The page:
The goal of my scholarship is to help to break the cultural and institutional barriers to science and engineering success by building equitable and empowering learning environments in science and engineering. These environments must address both the learning problem—they must help young people master the knowledge and practices of science—and the identity problem—they must help young people to recognize that they belong in science and engineering. My research examines how and why youth engage in consequential learning in science and engineering with/through social action in everyday life, and how knowledge of these youth-led endeavors might inform new practices for in-school and after-school instructional settings. These settings allow people to a) be recognized as competent participants in valued and dynamic networks of practice, and b) develop the agency they need to accomplish goals that matter to them. This view of learning science and engineering pays particular attention to power dynamics, how actors are positioned (and by whom), and the cultural repertoires of practices that actors bring to the process.
    ...
    Youth participatory design-based research towards the design of learning environments
    Teacher learning/teacher practice in support of consequential learning.
    InvincibilityCurrent Projects Include
    Tools for Teaching and Learning Engineering Practices: Pathways Towards Productive Identity Development in Engineering [I-Engineering]. National Science Foundation. DRL #1502755.
    Making for Change: Becoming Community Engineering Experts through Makerspaces and Youth Ethnography, National Science Foundation. DRL #1421116.
    The Makerspace Movement: Sites of Possibilities for Promoting Equitable Opportunities to Learn and Pursue STEM among Underrepresented Youth. William T. Grant Foundation Distinguished Fellows Program
    Youth Access & Equity
    Research Team Website: http://invincibility.us& Practice Agenda - Collaborative proposal to the National Science Foundation and the Wellcome Trust [UK].

    (view changes)
    4:14 am

Sunday, February 15

  1. page home edited ... CV My research addresses a core issue in science and engineering education: Achievement and i…
    ...
    CV
    My research addresses a core issue in science and engineering education: Achievement and interest gaps remain in the sciences and engineering for students from underrepresented backgrounds. For example, in the United States, African Americans make up only 5% of the engineering workforce, with a majority holding technician rather than leadership positions. This statistic has changed little in the past two decades despite reform efforts. My research connects this persistent large-scale problem with the experiences and opportunities of young people. In particular, I address two pressing challenges faced by youth from underrepresented backgrounds: 1) opportunities to learn science and engineering meaningfully, and to apply these understandings to solving real world problems (“learning”), and 2) the desire/ability to see oneself as an important, contributing producer and consumer of science and engineering (“identity”).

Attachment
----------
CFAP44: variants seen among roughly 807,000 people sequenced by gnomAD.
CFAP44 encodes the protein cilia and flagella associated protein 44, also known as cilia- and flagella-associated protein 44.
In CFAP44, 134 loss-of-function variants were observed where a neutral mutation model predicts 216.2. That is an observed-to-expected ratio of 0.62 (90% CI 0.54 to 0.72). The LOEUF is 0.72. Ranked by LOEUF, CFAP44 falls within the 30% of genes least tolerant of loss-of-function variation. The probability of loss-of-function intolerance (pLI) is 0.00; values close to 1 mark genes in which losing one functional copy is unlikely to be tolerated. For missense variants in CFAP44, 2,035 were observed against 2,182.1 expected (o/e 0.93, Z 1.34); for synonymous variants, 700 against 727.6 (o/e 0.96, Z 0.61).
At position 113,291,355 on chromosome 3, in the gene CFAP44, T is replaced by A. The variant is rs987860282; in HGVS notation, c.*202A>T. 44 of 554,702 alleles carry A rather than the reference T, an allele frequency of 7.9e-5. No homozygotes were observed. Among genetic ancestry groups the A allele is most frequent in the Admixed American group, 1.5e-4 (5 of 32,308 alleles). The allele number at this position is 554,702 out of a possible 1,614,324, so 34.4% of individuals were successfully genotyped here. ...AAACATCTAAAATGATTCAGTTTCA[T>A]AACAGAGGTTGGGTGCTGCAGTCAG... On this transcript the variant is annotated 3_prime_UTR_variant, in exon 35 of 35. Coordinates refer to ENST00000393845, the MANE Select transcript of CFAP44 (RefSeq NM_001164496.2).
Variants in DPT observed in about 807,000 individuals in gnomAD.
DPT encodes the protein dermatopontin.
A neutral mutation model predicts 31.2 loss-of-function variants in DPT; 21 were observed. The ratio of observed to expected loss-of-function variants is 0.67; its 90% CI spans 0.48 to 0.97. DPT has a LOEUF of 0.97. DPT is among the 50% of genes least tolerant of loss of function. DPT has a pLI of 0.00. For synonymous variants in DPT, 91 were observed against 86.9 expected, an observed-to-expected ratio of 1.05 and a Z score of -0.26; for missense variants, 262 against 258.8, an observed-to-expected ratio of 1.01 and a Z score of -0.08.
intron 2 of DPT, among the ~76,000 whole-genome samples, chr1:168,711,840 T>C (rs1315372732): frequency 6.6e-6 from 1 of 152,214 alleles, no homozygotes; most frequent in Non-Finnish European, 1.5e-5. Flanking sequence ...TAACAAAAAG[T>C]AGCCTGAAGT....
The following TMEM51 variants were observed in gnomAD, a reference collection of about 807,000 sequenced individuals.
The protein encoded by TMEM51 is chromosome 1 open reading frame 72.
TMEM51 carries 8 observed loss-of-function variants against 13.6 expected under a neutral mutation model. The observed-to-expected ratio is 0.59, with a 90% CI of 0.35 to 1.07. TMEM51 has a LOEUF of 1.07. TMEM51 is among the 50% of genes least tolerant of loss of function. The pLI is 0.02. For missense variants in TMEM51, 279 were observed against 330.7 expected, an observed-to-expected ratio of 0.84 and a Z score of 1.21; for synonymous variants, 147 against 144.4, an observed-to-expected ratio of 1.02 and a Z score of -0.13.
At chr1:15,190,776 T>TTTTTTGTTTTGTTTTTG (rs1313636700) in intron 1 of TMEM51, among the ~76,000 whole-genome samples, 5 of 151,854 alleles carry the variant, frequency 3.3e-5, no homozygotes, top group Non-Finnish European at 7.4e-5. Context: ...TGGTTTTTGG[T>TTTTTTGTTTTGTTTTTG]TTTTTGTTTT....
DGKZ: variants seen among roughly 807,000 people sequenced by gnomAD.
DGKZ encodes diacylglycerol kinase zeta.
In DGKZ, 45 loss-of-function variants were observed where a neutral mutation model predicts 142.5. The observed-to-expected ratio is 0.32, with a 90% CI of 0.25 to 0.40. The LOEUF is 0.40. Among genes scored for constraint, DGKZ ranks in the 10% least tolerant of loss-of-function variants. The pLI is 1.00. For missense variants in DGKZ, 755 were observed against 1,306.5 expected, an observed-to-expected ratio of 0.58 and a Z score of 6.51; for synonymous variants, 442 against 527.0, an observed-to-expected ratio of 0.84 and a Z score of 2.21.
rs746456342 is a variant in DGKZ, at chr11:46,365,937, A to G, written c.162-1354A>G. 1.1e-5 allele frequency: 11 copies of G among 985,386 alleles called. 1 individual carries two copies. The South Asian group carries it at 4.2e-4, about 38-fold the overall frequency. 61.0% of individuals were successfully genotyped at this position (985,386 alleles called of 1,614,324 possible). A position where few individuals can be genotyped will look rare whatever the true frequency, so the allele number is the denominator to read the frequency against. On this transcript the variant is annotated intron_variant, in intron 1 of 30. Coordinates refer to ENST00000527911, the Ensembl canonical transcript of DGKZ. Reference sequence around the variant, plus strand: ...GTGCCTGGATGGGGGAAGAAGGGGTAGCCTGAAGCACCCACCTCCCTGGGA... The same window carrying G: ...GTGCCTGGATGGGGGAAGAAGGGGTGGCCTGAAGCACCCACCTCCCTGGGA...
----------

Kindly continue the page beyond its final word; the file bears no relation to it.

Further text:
...
    the process.
    I have approached this work from three related perspectives:
    Multi-sited longitudinal ethnographic case studies of youth learning/engagement in science across settings
    (view changes)
    11:37 am
  2. page home edited ... Multi-sited longitudinal ethnographic case studies of youth learning/engagement in science acr…
    ...
    Multi-sited longitudinal ethnographic case studies of youth learning/engagement in science across settings
    Youth participatory design-based research towards the design of learning environments
    ...
    consequential learning.

    Invincibility Research Team Website: http://invincibility.us

    (view changes)
    11:37 am

Wednesday, January 14

  1. page CV edited Angela Angela M. Calabrese Barton Curriculum BartonCurriculum Vitae (Fall ... 305 Ericks…

    Angela
    Angela M. Calabrese Barton
    Curriculum
    BartonCurriculum Vitae (Fall
    ...

    305 Erickson Hall
    Michigan
    HallMichigan State University
    East
    UniversityEast Lansing, MI 48823
    acb@msu.edu
    517-432-4876
    48823acb@msu.edu517-432-4876
    Education
    Ph.D. 1995 Curriculum, Teaching and Educational Policy.Michigan State University. Emphases and comprehensive graduate level coursework and research in (1) science education, teacher education, and qualitative research (College of Education); and (2) physical chemistry (College of Natural Sciences).
    ...
    2009 – Professor of Science Education, Department of Teacher Education, Michigan State University. Tenured.
    2006 – 2009 Associate Professor of Science Education, Department of Teacher Education, Michigan State University. Tenured.
    1999-2001 AssociateAssociate Professor of
    1996 - 2006 Associate Professor of Science Education and Director of Science Education Programs, Department of Mathematics, Science and Technology Teachers College, Columbia University, NY, NY, Tenured, 2001. Assistant Professor of Science Education, 1996-1999 [on leave 1999-2001].
    July 1998 Visiting Scholar, Ali Institute of Education, Lahore, Pakistan.
    ...